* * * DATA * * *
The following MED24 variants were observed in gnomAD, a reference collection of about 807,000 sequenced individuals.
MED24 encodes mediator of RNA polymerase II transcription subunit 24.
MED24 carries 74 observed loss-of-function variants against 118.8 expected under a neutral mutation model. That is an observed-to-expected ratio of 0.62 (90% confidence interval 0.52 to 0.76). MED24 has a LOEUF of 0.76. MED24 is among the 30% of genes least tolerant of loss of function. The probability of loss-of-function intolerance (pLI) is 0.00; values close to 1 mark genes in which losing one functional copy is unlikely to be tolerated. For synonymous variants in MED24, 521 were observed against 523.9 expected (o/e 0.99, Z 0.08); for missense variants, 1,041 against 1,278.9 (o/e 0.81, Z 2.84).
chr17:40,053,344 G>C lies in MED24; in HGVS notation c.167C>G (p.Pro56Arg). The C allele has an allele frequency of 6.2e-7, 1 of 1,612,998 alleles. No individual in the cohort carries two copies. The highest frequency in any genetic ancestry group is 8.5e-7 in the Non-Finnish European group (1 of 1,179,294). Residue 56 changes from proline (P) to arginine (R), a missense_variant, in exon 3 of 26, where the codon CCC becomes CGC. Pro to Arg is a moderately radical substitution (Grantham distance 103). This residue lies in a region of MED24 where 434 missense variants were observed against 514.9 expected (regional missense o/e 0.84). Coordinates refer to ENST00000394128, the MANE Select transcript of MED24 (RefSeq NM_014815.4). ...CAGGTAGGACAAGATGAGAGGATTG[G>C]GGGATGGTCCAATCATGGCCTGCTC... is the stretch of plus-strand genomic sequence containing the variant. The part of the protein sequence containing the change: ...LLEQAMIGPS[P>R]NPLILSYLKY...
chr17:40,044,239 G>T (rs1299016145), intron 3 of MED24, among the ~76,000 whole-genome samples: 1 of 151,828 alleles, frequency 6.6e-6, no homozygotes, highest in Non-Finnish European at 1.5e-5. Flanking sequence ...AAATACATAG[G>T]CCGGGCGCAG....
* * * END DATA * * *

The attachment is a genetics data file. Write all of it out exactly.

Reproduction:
The following MED24 variants were observed in gnomAD, a reference collection of about 807,000 sequenced individuals.
MED24 encodes mediator of RNA polymerase II transcription subunit 24.
MED24 carries 74 observed loss-of-function variants against 118.8 expected under a neutral mutation model. That is an observed-to-expected ratio of 0.62 (90% confidence interval 0.52 to 0.76). MED24 has a LOEUF of 0.76. MED24 is among the 30% of genes least tolerant of loss of function. The probability of loss-of-function intolerance (pLI) is 0.00; values close to 1 mark genes in which losing one functional copy is unlikely to be tolerated. For synonymous variants in MED24, 521 were observed against 523.9 expected (o/e 0.99, Z 0.08); for missense variants, 1,041 against 1,278.9 (o/e 0.81, Z 2.84).
chr17:40,053,344 G>C lies in MED24; in HGVS notation c.167C>G (p.Pro56Arg). The C allele has an allele frequency of 6.2e-7, 1 of 1,612,998 alleles. No individual in the cohort carries two copies. The highest frequency in any genetic ancestry group is 8.5e-7 in the Non-Finnish European group (1 of 1,179,294). Residue 56 changes from proline (P) to arginine (R), a missense_variant, in exon 3 of 26, where the codon CCC becomes CGC. Pro to Arg is a moderately radical substitution (Grantham distance 103). This residue lies in a region of MED24 where 434 missense variants were observed against 514.9 expected (regional missense o/e 0.84). Coordinates refer to ENST00000394128, the MANE Select transcript of MED24 (RefSeq NM_014815.4). ...CAGGTAGGACAAGATGAGAGGATTG[G>C]GGGATGGTCCAATCATGGCCTGCTC... is the stretch of plus-strand genomic sequence containing the variant. The part of the protein sequence containing the change: ...LLEQAMIGPS[P>R]NPLILSYLKY...
chr17:40,044,239 G>T (rs1299016145), intron 3 of MED24, among the ~76,000 whole-genome samples: 1 of 151,828 alleles, frequency 6.6e-6, no homozygotes, highest in Non-Finnish European at 1.5e-5. Flanking sequence ...AAATACATAG[G>T]CCGGGCGCAG....